Re: [civilwarwest] Re: Myth or Truth of Sherman's March
- In a message dated 8/4/2006 1:22:27 PM Central Daylight Time, keg032461@... writes:
is it possible that he choose the "Total War" route,to limit his contact with a enemy large enough to cause him much resistance, to cut his chances of failure as much as possible.I suppose anything is possible, but I don't see it. Waging "total" war was something that evolved in his thinking. He was almost always of the opinion that the southerner was a formidable foe and that that particular way of thinking was an objective well worth destroying. To actually bring it into practice took a couple of years.A complex man defying analysis.Ken
- Tony, I didn't read Mr. Huddleston as saying that Meridian was a
fiasco but only that it was an instance where Sherman was in
independent command. Also wasn't Sherman in independent at
--- In firstname.lastname@example.org, "Tony Gunter"
> --- In email@example.com, "Bob Huddleston"
> <huddleston.r@> wrote:
> > Keep in mind., also, that neither man had been in independent
> > Thomas' only independent command had been with a small numberleading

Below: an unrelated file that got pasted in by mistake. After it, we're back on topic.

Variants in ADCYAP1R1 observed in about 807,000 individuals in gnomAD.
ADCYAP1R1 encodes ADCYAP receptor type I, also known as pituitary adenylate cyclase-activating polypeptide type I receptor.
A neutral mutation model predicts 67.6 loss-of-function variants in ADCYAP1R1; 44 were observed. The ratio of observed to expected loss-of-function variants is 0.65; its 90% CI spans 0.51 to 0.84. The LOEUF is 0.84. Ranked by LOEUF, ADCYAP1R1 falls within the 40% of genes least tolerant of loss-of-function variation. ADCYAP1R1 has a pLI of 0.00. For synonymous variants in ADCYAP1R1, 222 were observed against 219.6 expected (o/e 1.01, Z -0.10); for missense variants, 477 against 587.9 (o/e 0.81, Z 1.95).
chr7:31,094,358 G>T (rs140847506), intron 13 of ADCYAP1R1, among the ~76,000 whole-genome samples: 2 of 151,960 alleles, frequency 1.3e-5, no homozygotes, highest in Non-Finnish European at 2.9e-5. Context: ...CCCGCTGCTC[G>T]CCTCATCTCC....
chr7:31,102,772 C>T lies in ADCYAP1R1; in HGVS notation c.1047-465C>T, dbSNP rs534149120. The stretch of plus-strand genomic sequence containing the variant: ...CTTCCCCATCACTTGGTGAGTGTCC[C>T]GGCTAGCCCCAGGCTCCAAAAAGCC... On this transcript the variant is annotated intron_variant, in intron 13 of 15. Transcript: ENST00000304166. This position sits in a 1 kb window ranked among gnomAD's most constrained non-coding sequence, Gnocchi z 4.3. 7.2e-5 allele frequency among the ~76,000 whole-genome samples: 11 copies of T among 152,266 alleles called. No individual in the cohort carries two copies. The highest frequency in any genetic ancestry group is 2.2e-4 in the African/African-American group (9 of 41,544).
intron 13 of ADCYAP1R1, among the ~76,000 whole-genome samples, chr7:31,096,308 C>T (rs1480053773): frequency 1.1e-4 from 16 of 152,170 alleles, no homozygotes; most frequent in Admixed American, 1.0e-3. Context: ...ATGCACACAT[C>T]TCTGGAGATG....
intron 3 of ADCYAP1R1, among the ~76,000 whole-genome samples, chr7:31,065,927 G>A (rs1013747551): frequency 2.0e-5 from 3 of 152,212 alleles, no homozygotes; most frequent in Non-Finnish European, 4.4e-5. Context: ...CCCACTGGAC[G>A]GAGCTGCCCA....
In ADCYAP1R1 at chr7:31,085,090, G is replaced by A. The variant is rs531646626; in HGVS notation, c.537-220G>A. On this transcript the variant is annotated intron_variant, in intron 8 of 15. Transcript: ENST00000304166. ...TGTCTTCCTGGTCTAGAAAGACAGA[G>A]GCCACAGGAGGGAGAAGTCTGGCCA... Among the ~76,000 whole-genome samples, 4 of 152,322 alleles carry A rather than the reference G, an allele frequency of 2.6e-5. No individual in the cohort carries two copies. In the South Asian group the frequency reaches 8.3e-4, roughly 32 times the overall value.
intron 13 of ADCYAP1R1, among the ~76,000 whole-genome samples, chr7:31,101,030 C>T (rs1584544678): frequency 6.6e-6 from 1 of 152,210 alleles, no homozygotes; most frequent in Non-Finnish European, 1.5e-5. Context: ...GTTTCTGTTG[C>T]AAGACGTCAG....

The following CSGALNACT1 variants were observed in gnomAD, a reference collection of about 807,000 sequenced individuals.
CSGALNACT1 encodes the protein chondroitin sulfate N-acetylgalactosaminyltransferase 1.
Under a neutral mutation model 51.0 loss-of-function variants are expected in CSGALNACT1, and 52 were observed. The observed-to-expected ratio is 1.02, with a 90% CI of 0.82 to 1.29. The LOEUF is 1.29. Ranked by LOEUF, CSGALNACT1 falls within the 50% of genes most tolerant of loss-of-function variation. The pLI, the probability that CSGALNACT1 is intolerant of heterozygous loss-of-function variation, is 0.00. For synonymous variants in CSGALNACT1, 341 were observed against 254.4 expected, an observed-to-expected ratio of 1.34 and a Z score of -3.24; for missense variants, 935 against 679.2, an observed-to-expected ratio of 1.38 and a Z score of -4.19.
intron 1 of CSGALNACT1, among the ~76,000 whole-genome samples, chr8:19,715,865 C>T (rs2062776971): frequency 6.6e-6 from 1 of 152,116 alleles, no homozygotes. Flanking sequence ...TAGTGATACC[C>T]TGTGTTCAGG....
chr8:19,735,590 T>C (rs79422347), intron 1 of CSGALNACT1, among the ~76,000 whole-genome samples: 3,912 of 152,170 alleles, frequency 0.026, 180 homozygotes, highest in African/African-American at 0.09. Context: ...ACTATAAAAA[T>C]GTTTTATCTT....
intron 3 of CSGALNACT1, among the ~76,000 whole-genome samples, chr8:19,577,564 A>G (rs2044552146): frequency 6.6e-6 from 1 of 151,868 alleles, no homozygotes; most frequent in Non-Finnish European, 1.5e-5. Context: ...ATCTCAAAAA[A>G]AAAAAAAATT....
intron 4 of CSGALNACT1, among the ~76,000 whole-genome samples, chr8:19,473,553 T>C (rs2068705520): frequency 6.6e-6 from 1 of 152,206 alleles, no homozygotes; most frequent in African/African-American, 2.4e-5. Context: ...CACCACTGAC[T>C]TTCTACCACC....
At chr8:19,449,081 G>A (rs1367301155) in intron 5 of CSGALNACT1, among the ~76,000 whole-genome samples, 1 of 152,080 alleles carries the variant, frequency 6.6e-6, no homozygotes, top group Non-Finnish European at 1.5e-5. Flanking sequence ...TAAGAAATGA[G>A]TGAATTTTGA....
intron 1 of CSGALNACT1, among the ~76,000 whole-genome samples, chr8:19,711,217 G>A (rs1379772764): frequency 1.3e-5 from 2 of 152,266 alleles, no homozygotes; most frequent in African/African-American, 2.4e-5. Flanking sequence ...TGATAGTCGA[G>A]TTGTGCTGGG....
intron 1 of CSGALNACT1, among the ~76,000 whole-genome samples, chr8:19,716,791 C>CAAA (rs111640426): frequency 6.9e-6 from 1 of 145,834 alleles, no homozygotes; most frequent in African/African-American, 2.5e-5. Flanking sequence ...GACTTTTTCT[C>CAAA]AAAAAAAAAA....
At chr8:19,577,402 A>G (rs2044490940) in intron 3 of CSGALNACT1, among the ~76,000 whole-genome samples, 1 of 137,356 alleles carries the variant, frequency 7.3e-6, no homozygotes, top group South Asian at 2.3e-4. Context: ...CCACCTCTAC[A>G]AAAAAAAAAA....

> up toCampaign.
> > Mill Springs two years before and Sherman's had been a fiasco in
> > early in the war and more recently, I guess, the Meridian
> I don't see how the Meridian Campaign can be considered a fiasco.
> Halleck would not allow Sherman to re-allocate the troops under
> command. Rather than have them sitting idle, he proposed a two-prong
> raid to clear out the Mississippi River Valley. One wing of thatraid
> would strike out for Meridian in the winter, and return toVicksburg in
> time to assist in the second wing's strike on Shreveport.only
> Given these parameters, the Meridian Campaign was a success. The
> secondary objective I pick up on in Sherman's correspondence isthat he
> would have liked to have drawn Polk into a battle. However, hefelt
> that Sooy Smith's failure to show up allowed Polk to flee fasterthan
> Sherman could bear upon him.